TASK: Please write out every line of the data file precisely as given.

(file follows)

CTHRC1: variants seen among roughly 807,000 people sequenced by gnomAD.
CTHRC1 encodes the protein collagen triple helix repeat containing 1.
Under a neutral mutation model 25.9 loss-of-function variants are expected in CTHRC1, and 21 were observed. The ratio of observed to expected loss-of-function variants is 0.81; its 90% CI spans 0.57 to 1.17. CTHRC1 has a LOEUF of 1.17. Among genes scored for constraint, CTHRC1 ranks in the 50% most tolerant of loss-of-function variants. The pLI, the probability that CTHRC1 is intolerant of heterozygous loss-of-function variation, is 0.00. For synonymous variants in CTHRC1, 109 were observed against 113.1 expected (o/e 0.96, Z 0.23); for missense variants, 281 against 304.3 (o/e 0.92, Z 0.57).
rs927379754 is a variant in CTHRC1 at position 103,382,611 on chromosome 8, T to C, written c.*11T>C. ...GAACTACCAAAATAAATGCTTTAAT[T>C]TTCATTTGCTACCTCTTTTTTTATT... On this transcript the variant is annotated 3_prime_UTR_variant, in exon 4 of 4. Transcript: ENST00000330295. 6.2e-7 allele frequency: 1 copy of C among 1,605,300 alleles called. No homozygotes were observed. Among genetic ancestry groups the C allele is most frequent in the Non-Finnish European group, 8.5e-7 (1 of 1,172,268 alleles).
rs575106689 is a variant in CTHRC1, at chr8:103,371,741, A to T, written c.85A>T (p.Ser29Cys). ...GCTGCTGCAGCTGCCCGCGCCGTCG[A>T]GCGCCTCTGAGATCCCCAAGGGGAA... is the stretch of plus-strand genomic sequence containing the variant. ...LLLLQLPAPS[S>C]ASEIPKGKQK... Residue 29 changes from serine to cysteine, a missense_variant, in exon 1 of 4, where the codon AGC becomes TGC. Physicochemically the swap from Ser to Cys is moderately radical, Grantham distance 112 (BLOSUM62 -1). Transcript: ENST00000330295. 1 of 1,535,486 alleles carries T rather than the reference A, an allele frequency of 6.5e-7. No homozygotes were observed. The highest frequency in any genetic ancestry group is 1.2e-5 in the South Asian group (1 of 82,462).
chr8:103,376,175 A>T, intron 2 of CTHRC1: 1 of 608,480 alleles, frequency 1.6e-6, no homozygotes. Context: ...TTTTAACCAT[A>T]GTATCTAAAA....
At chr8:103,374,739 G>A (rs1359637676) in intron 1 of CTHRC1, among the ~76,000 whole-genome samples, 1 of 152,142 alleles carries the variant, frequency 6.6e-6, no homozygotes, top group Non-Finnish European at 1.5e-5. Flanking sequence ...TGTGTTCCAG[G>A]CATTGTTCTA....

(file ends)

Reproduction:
CTHRC1: variants seen among roughly 807,000 people sequenced by gnomAD.
CTHRC1 encodes the protein collagen triple helix repeat containing 1.
Under a neutral mutation model 25.9 loss-of-function variants are expected in CTHRC1, and 21 were observed. The ratio of observed to expected loss-of-function variants is 0.81; its 90% CI spans 0.57 to 1.17. CTHRC1 has a LOEUF of 1.17. Among genes scored for constraint, CTHRC1 ranks in the 50% most tolerant of loss-of-function variants. The pLI, the probability that CTHRC1 is intolerant of heterozygous loss-of-function variation, is 0.00. For synonymous variants in CTHRC1, 109 were observed against 113.1 expected (o/e 0.96, Z 0.23); for missense variants, 281 against 304.3 (o/e 0.92, Z 0.57).
rs927379754 is a variant in CTHRC1 at position 103,382,611 on chromosome 8, T to C, written c.*11T>C. ...GAACTACCAAAATAAATGCTTTAAT[T>C]TTCATTTGCTACCTCTTTTTTTATT... On this transcript the variant is annotated 3_prime_UTR_variant, in exon 4 of 4. Transcript: ENST00000330295. 6.2e-7 allele frequency: 1 copy of C among 1,605,300 alleles called. No homozygotes were observed. Among genetic ancestry groups the C allele is most frequent in the Non-Finnish European group, 8.5e-7 (1 of 1,172,268 alleles).
rs575106689 is a variant in CTHRC1, at chr8:103,371,741, A to T, written c.85A>T (p.Ser29Cys). ...GCTGCTGCAGCTGCCCGCGCCGTCG[A>T]GCGCCTCTGAGATCCCCAAGGGGAA... is the stretch of plus-strand genomic sequence containing the variant. ...LLLLQLPAPS[S>C]ASEIPKGKQK... Residue 29 changes from serine to cysteine, a missense_variant, in exon 1 of 4, where the codon AGC becomes TGC. Physicochemically the swap from Ser to Cys is moderately radical, Grantham distance 112 (BLOSUM62 -1). Transcript: ENST00000330295. 1 of 1,535,486 alleles carries T rather than the reference A, an allele frequency of 6.5e-7. No homozygotes were observed. The highest frequency in any genetic ancestry group is 1.2e-5 in the South Asian group (1 of 82,462).
chr8:103,376,175 A>T, intron 2 of CTHRC1: 1 of 608,480 alleles, frequency 1.6e-6, no homozygotes. Context: ...TTTTAACCAT[A>T]GTATCTAAAA....
At chr8:103,374,739 G>A (rs1359637676) in intron 1 of CTHRC1, among the ~76,000 whole-genome samples, 1 of 152,142 alleles carries the variant, frequency 6.6e-6, no homozygotes, top group Non-Finnish European at 1.5e-5. Flanking sequence ...TGTGTTCCAG[G>A]CATTGTTCTA....